Consider the ways in which even the news media can be described as an example of hyper-reality and blurring the boundaries between a media constructed reality and the real life..
Is it possible that we know far more about the media, celebrity news & popular culture than we did about significant events and people in the ‘real’ world.
It is important to consider news values and understand how some important pieces of news are pushed off the news agenda because they don’t fulfill the editorial agenda and so the news we do consume is highly selected. This selection is often about what will make a popular / entertaining story rather than reporting other bigger world events but ones that are more remote, ‘foreign’ and ones for which they don’t have pictures.
Finally, the news is packaged up into easily understandable narratives, indeed news items have narrative structure, ‘characters’ cast into simple types & roles and there is often highly emotive use of language and symbolic imagery in order to represent the events / people in a particular way.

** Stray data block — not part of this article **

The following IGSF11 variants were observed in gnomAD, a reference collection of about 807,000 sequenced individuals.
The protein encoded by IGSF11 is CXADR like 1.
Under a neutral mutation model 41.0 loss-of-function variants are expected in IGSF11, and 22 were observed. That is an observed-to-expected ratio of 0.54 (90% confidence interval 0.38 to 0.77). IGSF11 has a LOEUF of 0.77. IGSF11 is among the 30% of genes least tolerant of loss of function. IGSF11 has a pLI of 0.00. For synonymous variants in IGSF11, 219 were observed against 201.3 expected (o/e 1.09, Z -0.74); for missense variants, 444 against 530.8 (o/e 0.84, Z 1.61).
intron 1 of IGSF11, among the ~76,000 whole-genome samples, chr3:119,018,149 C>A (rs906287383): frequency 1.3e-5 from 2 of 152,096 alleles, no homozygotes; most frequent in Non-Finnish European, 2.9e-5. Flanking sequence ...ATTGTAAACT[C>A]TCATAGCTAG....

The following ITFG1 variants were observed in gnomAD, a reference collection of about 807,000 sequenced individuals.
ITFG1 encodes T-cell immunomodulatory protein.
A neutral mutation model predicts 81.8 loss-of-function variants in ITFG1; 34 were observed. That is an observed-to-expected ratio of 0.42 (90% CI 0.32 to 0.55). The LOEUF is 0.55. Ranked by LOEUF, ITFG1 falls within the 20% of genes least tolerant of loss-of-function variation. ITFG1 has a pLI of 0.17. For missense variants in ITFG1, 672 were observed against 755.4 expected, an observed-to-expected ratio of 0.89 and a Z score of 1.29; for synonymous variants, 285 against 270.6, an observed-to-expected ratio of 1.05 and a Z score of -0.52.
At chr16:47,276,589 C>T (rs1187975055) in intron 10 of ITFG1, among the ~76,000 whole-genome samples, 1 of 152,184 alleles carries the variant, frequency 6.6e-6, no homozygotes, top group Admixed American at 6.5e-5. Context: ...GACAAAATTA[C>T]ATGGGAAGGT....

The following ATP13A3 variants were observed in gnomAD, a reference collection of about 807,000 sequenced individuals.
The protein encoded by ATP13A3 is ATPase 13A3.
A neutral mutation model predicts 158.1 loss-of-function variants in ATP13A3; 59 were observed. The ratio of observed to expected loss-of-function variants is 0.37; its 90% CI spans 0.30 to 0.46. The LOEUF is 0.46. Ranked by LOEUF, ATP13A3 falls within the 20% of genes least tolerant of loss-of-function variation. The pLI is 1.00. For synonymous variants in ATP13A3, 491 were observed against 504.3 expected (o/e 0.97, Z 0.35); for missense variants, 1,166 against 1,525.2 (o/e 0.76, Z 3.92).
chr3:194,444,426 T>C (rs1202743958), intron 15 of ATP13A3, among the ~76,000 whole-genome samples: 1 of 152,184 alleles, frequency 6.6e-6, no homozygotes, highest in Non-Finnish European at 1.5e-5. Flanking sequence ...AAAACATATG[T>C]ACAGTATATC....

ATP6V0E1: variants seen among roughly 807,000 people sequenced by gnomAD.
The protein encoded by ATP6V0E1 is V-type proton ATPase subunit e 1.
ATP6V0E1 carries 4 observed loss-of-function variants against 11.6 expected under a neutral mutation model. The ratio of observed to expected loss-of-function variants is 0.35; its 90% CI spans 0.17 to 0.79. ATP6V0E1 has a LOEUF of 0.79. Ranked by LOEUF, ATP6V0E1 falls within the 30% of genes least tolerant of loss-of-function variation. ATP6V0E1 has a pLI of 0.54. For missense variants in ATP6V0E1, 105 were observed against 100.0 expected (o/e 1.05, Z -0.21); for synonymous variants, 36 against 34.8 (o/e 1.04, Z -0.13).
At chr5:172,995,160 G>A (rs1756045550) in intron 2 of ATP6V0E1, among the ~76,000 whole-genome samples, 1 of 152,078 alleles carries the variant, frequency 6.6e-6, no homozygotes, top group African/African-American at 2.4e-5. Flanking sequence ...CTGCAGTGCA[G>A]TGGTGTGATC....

Here is a really funny and insightful video from TV critic Charlie Brooker, who incidentally wrote one of our key texts Black Mirror. Here he is talking about the formulaic structure of a TV news item and how they are neatly packaged up for consumption.
Take a look at the Guernsey Evening Press – hegenomy at work even in a small, backwater like Guernsey.
And finally – this is controversial but it is an episode of Russell Brand’s The Trews where he criticises the ‘propaganda’ surrounding terrorist attacks and how the story that the government delivers, feeds us through the media, has a purpose of keeping us on their side and not encourage us to question our own foreign policy and actions abroad. He is loud and outspoken but many of his The Trews discuss modern media and in particular Fox News who represent the multi-national corporate dominance of the world. You will either love him or hate him but what he says does give food for thought and ideas for discussion.